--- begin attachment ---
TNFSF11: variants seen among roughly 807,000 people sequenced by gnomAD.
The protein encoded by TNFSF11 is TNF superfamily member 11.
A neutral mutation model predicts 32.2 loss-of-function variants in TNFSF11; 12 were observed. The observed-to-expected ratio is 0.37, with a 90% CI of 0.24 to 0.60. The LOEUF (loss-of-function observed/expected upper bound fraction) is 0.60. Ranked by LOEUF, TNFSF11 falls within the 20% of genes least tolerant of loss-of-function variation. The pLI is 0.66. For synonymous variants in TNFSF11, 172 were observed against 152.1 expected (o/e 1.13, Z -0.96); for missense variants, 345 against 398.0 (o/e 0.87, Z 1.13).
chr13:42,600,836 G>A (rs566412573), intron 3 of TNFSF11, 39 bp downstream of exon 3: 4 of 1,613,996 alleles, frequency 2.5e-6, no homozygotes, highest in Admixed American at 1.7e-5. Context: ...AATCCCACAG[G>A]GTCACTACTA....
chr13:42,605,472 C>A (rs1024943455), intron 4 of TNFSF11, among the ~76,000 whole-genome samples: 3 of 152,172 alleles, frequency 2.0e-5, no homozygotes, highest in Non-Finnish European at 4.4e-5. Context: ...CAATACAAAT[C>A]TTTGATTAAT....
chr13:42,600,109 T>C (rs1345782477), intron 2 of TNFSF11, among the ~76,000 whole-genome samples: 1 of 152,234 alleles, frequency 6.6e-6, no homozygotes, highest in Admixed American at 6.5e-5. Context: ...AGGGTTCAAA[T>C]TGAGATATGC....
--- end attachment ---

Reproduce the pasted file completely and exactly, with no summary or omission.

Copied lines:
TNFSF11: variants seen among roughly 807,000 people sequenced by gnomAD.
The protein encoded by TNFSF11 is TNF superfamily member 11.
A neutral mutation model predicts 32.2 loss-of-function variants in TNFSF11; 12 were observed. The observed-to-expected ratio is 0.37, with a 90% CI of 0.24 to 0.60. The LOEUF (loss-of-function observed/expected upper bound fraction) is 0.60. Ranked by LOEUF, TNFSF11 falls within the 20% of genes least tolerant of loss-of-function variation. The pLI is 0.66. For synonymous variants in TNFSF11, 172 were observed against 152.1 expected (o/e 1.13, Z -0.96); for missense variants, 345 against 398.0 (o/e 0.87, Z 1.13).
chr13:42,600,836 G>A (rs566412573), intron 3 of TNFSF11, 39 bp downstream of exon 3: 4 of 1,613,996 alleles, frequency 2.5e-6, no homozygotes, highest in Admixed American at 1.7e-5. Context: ...AATCCCACAG[G>A]GTCACTACTA....
chr13:42,605,472 C>A (rs1024943455), intron 4 of TNFSF11, among the ~76,000 whole-genome samples: 3 of 152,172 alleles, frequency 2.0e-5, no homozygotes, highest in Non-Finnish European at 4.4e-5. Context: ...CAATACAAAT[C>A]TTTGATTAAT....
chr13:42,600,109 T>C (rs1345782477), intron 2 of TNFSF11, among the ~76,000 whole-genome samples: 1 of 152,234 alleles, frequency 6.6e-6, no homozygotes, highest in Admixed American at 6.5e-5. Context: ...AGGGTTCAAA[T>C]TGAGATATGC....